Swelling Insanity


Bertrina could not remember falling asleep again. She had woken to an empty room. Plel Harkoff and his bed had been removed, and the cloudy glass in the white door had become dark. As Bertrina straightened in her chair, the door opened, and The Minister stepped through the frame.

Bertrina stumbled onto her feet, legs jellied and her vision still warm and blurry, “Sir.”

“Hello Bertrina,” the Minister squinted, stumbling slightly. “It’s very bright in here! I forget how illuminated these rooms are!”

“Yes sir.”

“You have a report for me, don’t you,” The Minister moved into the room, and stood in the centre.

“This is it,” Bertrina presented the manila folder with great deliberation, partly because it had begun to feel heavy, partly because she feared The Minister wouldn’t see it.

The file moved into his hands, and he browsed it’s contents briefly.

“Thank you for this, I find it important to get second opinions from sources I know I can trust,” he smiled.

“It was no trouble, but I was very disturbed with the findings,” Bertrina’s eyes searched the man for an explanation.

“You were disturbed?”

“And Harkoff started telling me things about how the Ministry uses its aides.”

“Harkoff told you things, did he?” The man simply gazed flatly back, before something in him twinged.

“I’m very sorry you had to become caught up in this, but I’m testing you as much as Harkoff. Over these past months, I have slowly deposed Ragzin of his position of power in Nela. The very real threat that presented itself to Malasrion warranted the co-operation of it’s two states, and the surest way to defend Malasrion was to let Nela’s fish rot from it’s head. I now have complete control over Nela, and now have a legitimate strategy to defend our innocence from the Gremanese. I have inhereted a legacy from Ragzin, and the powers I have acquired from him have exposed practices and actions that would shock most.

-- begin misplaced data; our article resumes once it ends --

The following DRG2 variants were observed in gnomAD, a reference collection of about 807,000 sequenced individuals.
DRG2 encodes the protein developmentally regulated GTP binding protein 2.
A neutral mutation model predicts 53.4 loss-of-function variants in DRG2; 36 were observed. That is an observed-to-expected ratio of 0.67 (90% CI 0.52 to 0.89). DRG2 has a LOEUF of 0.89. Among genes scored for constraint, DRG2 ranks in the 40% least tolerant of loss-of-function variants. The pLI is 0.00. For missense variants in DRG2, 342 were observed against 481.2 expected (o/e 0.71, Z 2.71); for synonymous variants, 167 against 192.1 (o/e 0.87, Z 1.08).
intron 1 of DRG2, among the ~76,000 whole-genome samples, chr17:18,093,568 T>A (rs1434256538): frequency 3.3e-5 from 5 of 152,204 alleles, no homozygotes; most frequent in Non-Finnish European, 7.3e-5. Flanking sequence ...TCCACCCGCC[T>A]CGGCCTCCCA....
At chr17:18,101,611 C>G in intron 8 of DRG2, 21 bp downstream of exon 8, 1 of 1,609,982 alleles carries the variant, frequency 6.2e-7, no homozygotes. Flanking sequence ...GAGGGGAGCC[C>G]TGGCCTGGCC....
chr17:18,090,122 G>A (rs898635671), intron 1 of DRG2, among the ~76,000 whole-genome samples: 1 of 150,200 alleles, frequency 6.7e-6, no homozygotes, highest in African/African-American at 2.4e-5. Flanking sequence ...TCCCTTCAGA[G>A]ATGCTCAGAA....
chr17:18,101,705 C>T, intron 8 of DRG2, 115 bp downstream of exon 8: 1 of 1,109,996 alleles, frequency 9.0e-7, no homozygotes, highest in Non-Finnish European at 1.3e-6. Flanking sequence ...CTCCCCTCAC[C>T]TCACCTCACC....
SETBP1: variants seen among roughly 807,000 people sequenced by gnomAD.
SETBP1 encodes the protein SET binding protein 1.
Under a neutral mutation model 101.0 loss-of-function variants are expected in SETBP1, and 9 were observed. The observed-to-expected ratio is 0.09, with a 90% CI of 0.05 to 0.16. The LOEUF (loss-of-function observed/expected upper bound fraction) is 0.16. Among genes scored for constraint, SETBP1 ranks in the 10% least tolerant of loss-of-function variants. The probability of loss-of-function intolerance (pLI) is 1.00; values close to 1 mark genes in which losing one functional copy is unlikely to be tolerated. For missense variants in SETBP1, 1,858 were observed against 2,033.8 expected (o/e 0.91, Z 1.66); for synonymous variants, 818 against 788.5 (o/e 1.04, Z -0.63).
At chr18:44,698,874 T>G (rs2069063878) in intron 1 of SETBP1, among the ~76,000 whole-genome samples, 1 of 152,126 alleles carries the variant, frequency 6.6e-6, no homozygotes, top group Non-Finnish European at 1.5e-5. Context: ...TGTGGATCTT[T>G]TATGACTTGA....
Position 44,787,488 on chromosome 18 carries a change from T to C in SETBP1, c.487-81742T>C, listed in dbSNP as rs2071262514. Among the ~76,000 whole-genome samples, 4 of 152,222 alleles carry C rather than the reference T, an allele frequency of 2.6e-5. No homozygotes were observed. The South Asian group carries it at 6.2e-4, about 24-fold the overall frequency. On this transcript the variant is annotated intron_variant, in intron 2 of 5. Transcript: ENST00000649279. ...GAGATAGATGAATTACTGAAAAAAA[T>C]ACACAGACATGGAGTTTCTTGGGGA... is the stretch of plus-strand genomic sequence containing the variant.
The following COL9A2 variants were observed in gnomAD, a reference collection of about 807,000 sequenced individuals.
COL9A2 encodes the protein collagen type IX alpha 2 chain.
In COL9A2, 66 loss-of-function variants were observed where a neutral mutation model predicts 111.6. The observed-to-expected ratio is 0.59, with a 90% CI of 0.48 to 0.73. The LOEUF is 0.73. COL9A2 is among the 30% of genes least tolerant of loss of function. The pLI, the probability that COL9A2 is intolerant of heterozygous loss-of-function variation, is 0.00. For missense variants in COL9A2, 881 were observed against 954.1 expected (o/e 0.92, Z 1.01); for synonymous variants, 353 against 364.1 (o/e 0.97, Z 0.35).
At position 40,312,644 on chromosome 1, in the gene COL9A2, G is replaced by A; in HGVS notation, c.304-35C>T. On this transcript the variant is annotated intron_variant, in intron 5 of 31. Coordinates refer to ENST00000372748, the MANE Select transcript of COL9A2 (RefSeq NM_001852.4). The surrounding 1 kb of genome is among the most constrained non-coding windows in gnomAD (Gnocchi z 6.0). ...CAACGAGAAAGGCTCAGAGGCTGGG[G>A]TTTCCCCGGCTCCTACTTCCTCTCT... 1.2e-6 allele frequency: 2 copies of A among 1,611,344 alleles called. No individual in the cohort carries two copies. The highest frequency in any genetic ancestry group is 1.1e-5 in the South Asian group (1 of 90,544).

“Ragzin was a dictator, Bertrina, he collected rich and powerful people into his pocket, and he paid off councils and towns and families to appease and prevent protest. Many, and most believe his rise to power through the politicians his late father left behind ushered in some new era of social stability. My experience with the Gremanese question we were posed with twenty years ago tells me Nela was moving into dangerous territory. But as I said before, this was not why I usurped his seat.

“The immense power over Nela allowed him to conceal many secrets from its citizens. The greatest of all the secrets he kept was that of the developments he produced from immense investment he made in the Nelen scientific community. The hidden resources he channelled into their laboratories has yielded answers to ancient questions that had never yet been answered. They have also produced amazing innovations such as those being used in this very room, and thousands more. The pills that are unmentioned anywhere in the report the department made on your behalf are Ragzin’s. The vast majority of Ragzin’s secretly commissioned discoveries are terrible weapons of sick design, and the chemicals contained in those pills are a perfect example of such horrible results.

“Ragzin’s discoveries are quite possibly the most important thing ever to have happened in the history of Nela, and most definitely of Jardenia. They yield the potential strategic edge we need over the Gremanese, and in this context I find it necessary to reject one part of Ragzin and embrace another.”

“This is incredible. The entire time I have spent in this room has totally changed everything. Am I to believe governments merely exist to be exploited? Lives born to be ruined? Is everyone just playing a game, totally unawares? I know the Gremanese draw knives, but don’t you feel Ragzin’s hand guiding yours? Wasn’t it Ragzin’s fault we’re all facing such evil? Tell me how you can do this, sir, tell me this is all a dream, and that we won’t reduce ourselves to abusing our own, let alone destroy another race!” Bertrina raged.

The Minister looked down at the file in his hands.

“I don’t know what your mother told you when you were a child,” he looked up at her now, locking eyes. “But I know they were all lies.”